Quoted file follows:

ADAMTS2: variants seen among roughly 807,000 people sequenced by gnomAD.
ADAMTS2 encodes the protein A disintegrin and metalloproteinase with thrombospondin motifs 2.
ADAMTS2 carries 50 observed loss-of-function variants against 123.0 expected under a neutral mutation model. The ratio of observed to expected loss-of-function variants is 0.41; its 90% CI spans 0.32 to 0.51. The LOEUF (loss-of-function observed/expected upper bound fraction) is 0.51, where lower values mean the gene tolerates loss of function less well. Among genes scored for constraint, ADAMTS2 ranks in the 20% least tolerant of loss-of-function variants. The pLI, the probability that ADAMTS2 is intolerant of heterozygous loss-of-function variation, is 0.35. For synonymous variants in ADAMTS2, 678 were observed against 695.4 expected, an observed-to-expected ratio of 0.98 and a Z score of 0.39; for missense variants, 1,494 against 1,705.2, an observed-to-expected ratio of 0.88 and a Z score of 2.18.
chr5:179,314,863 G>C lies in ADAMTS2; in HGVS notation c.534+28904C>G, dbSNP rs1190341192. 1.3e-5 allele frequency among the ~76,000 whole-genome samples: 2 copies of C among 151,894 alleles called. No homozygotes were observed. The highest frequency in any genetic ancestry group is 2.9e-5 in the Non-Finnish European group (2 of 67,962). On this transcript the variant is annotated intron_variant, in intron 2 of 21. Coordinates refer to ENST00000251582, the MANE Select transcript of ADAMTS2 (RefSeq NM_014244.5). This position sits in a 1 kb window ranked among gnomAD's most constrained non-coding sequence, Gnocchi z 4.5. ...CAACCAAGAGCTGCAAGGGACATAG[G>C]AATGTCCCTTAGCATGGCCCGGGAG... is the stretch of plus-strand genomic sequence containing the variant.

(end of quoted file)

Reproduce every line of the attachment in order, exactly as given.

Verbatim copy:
ADAMTS2: variants seen among roughly 807,000 people sequenced by gnomAD.
ADAMTS2 encodes the protein A disintegrin and metalloproteinase with thrombospondin motifs 2.
ADAMTS2 carries 50 observed loss-of-function variants against 123.0 expected under a neutral mutation model. The ratio of observed to expected loss-of-function variants is 0.41; its 90% CI spans 0.32 to 0.51. The LOEUF (loss-of-function observed/expected upper bound fraction) is 0.51, where lower values mean the gene tolerates loss of function less well. Among genes scored for constraint, ADAMTS2 ranks in the 20% least tolerant of loss-of-function variants. The pLI, the probability that ADAMTS2 is intolerant of heterozygous loss-of-function variation, is 0.35. For synonymous variants in ADAMTS2, 678 were observed against 695.4 expected, an observed-to-expected ratio of 0.98 and a Z score of 0.39; for missense variants, 1,494 against 1,705.2, an observed-to-expected ratio of 0.88 and a Z score of 2.18.
chr5:179,314,863 G>C lies in ADAMTS2; in HGVS notation c.534+28904C>G, dbSNP rs1190341192. 1.3e-5 allele frequency among the ~76,000 whole-genome samples: 2 copies of C among 151,894 alleles called. No homozygotes were observed. The highest frequency in any genetic ancestry group is 2.9e-5 in the Non-Finnish European group (2 of 67,962). On this transcript the variant is annotated intron_variant, in intron 2 of 21. Coordinates refer to ENST00000251582, the MANE Select transcript of ADAMTS2 (RefSeq NM_014244.5). This position sits in a 1 kb window ranked among gnomAD's most constrained non-coding sequence, Gnocchi z 4.5. ...CAACCAAGAGCTGCAAGGGACATAG[G>C]AATGTCCCTTAGCATGGCCCGGGAG... is the stretch of plus-strand genomic sequence containing the variant.